Western Native Trout

If you’re reading this, I’m going to assume that you’re a fan of fly fishing and if you’re a fan of fly fishing you’re probably a fan of protecting our natural resources where we participate in our beloved sport.   Western Native Trout Initiative is devoted to just this, protecting, repairing and recovering native trout and char habitat across 12 western states.  Check them out here: https://westernnativetrout.org/.  They are doing fantastic work!


The Starring Cast and Locations (Photo courtesy of Western Native Trout Challenge)

The Western Native Trout Initiative decided to put on a challenge to celebrate these magnificent fish in their native habitat.  There are 12 participating states with a cast of twenty native trout and char.  There are three levels of completion, Expert Caster, Advanced Caster and Master Caster.  To qualify for the first, level Expert Caster the angler must catch six species across four different states.


I’m ready for my close up, Mr. Demille. (Inland Red Band Rainbow)

I first found out about this at a Golden State Fly Casters meeting, when one of our conservation guru’s Dale Dalrymple explained the challenge and that the first 100 completers get recognized with a “First 100” hat.  While Dale explained it, I thought, this is easy, I’ve easily caught six species of trout in more than four states.  I’ll log on, get my hat and move on.  So after the meeting, I logged onto the interwebs, typed https://westernnativetroutchallenge.org/ into the web browser, register, paid my $25 and got ready to send in my photos of brown, rainbow and brook trout I’ve caught over the Southwest. 


Native Trout Food

It was at this point, that I realized that it was much, much more than just catching any trout or char in multiple states.  It was very specific trout in very specific watersheds and all the fish had to be caught AFTER the start of the program which was May, 2019.  I was feeling a bit deflated, as this wasn’t going to be as easy as I had initially thought. I took a deep breath, and looked further into the challenge.  Going through the list of species, I had two qualifying species in two different states, a Bonneville cutthroat in Idaho and an inland Redband from Oregon.  It was strange that I didn’t have one in my home state of California, but it was a solid start.  One third of the way completed.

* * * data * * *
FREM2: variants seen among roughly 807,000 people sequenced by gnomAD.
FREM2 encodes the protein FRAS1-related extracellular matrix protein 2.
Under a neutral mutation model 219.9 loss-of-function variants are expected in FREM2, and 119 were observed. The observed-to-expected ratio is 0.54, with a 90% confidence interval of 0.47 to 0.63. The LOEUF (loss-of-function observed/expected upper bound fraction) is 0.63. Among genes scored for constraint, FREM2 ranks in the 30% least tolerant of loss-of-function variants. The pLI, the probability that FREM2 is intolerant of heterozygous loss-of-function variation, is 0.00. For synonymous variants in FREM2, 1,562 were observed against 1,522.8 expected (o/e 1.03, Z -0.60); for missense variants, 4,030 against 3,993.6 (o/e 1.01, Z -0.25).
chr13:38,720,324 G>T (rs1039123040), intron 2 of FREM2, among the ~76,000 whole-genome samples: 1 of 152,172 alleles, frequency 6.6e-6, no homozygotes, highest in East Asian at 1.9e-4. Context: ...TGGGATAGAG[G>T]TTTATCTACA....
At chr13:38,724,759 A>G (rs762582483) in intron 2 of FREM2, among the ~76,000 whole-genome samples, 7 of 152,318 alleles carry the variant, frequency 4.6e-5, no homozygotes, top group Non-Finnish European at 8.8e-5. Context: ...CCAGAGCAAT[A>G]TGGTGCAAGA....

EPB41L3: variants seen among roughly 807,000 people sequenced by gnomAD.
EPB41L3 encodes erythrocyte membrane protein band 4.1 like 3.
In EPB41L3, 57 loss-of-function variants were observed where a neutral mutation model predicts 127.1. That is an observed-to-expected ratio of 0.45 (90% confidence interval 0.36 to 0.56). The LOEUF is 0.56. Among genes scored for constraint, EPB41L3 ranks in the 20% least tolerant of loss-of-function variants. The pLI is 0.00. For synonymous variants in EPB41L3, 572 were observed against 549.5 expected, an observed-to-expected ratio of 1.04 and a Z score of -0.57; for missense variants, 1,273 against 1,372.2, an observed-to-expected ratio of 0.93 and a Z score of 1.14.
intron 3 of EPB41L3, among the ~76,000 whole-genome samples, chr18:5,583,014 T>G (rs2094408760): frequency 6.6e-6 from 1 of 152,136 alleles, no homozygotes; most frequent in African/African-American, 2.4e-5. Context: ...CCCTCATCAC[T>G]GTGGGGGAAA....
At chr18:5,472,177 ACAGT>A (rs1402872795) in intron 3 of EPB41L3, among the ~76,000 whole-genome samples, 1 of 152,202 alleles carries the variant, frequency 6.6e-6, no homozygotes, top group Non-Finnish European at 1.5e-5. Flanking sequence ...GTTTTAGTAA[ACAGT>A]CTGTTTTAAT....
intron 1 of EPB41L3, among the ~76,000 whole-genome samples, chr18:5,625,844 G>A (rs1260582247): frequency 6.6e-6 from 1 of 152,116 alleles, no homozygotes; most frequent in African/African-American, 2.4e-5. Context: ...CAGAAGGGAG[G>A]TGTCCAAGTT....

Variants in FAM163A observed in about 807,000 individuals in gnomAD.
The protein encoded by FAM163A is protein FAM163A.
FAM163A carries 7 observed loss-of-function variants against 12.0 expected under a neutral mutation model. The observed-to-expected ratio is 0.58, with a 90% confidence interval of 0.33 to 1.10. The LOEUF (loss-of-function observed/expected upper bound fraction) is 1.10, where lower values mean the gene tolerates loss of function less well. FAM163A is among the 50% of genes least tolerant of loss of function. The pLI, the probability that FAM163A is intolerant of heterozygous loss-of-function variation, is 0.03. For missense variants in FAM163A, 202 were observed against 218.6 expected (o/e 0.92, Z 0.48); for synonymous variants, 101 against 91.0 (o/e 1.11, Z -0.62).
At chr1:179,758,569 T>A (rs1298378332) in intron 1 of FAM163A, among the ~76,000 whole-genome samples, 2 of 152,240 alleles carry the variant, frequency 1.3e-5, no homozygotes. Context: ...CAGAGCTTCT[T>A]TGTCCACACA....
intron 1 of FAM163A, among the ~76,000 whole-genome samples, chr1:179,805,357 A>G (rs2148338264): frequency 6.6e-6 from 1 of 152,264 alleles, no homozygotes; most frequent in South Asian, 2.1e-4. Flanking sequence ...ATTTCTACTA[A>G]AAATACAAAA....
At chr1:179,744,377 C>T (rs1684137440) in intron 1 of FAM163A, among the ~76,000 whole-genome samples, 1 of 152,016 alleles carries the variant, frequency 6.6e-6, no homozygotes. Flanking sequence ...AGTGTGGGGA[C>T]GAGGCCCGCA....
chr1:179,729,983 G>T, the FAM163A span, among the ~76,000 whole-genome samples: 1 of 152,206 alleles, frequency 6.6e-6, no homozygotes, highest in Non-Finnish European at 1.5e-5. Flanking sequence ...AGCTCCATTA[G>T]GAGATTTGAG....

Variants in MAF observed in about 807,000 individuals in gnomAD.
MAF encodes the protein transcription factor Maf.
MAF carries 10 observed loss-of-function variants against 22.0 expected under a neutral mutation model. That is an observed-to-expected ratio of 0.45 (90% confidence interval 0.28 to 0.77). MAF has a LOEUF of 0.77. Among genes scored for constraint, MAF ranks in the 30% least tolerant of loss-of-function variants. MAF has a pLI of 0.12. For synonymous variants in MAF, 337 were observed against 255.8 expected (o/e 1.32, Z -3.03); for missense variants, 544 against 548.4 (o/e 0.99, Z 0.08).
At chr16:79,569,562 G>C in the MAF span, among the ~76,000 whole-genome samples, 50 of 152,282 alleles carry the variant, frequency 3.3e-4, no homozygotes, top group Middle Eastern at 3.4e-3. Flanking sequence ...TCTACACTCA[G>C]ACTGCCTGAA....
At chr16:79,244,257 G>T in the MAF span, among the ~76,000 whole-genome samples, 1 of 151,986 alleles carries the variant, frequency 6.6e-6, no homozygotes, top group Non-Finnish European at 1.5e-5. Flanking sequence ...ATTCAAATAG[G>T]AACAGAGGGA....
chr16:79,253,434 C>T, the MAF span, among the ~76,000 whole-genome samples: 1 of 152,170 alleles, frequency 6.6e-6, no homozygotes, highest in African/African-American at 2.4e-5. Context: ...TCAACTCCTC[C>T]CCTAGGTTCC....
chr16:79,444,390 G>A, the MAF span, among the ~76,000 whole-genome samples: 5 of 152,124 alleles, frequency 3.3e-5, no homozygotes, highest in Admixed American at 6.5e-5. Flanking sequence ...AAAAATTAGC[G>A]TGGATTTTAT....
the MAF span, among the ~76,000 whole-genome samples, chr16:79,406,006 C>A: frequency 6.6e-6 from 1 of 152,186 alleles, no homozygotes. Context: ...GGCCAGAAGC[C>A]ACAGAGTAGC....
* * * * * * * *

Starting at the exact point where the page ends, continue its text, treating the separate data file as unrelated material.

Lure of the West – Native Trout and Char!!  (Photo courtesy of Western Native Trout Challenge)

Fish #1 – Bonneville Cutthroat – Idaho May 2019

This fish was the last fish of the 2019 Fly Fishing Team USA Regional event in Idaho.  My final session was on the Bear River and it was an epic one with 17 fish landed (a few more that didn’t quite make the net, but let’s not talk about those) in two hours, and this fish was hooked right as the final buzzer sounded and landed a minute later.  It was the fish that handed me the final session win over a bunch of extremely talented anglers, and since time had run out, I had my controller snap a quick picture before sending it back home. 


Session winning fish – Bonneville Cutthroat

Fish #2 – Inland Redband – Oregon May 2019

Right after I got home from the Idaho competition, I got a call from a friend that their company was putting on fly fishing trip to Oregon with Wild Times Guides.  I immediately jumped at the opportunity and headed north to Oregon. The access to the river was rough, with about a 600 vertical foot canyon we had to hike into and out of.  But the reward was a bunch of beautiful, thick Inland Redband trout, and some fantastic trip with some great anglers and people.  These hard fighting fish are worthy of effort to reach them!


Pretty easy to see why they are called “Red Band” Rainbows

As 2019 began to close (and all of us were taking “Normal” for granted), I was able to get my first California Species.  A Kern River Rainbow.


California Fish Species and Range.  For more information visit https://westernnativetroutchallenge.org

Fish #3 – Kern River Rainbow - California October 2019

I was asked to speak and present at the Backcountry Hunters and Anglers event in Kern by friend and public land advocate Justin Bubenik.  I got a chance to explain European Nymphing to a bunch of people and then do an on the water clinic with those in attendance.  After the clinic I got some time to fish and was able to catch this nice little Kern River Rainbow.  I met a bunch of great people at the event, had a blast educating and volunteering and ticked off a third species!


Probably the easiest fish to start the challenge off with for Southern California Residents – The Kern River Rainbow

Due to international travel plans (new Zealand and UK), the native trout challenge took a back seat.  With the onset of COVID-19, all my international travel plans got cancelled and we were left wondering what (or even if) fishing adventures 2020 would hold.   Lesley and I looked at other local areas that we could fish while maintaining social distancing.  Two of the people I got to fish with at the Backcountry Hunters and Anglers event invited Lesley and I on a 4x4 fishing adventure in the southern sierras.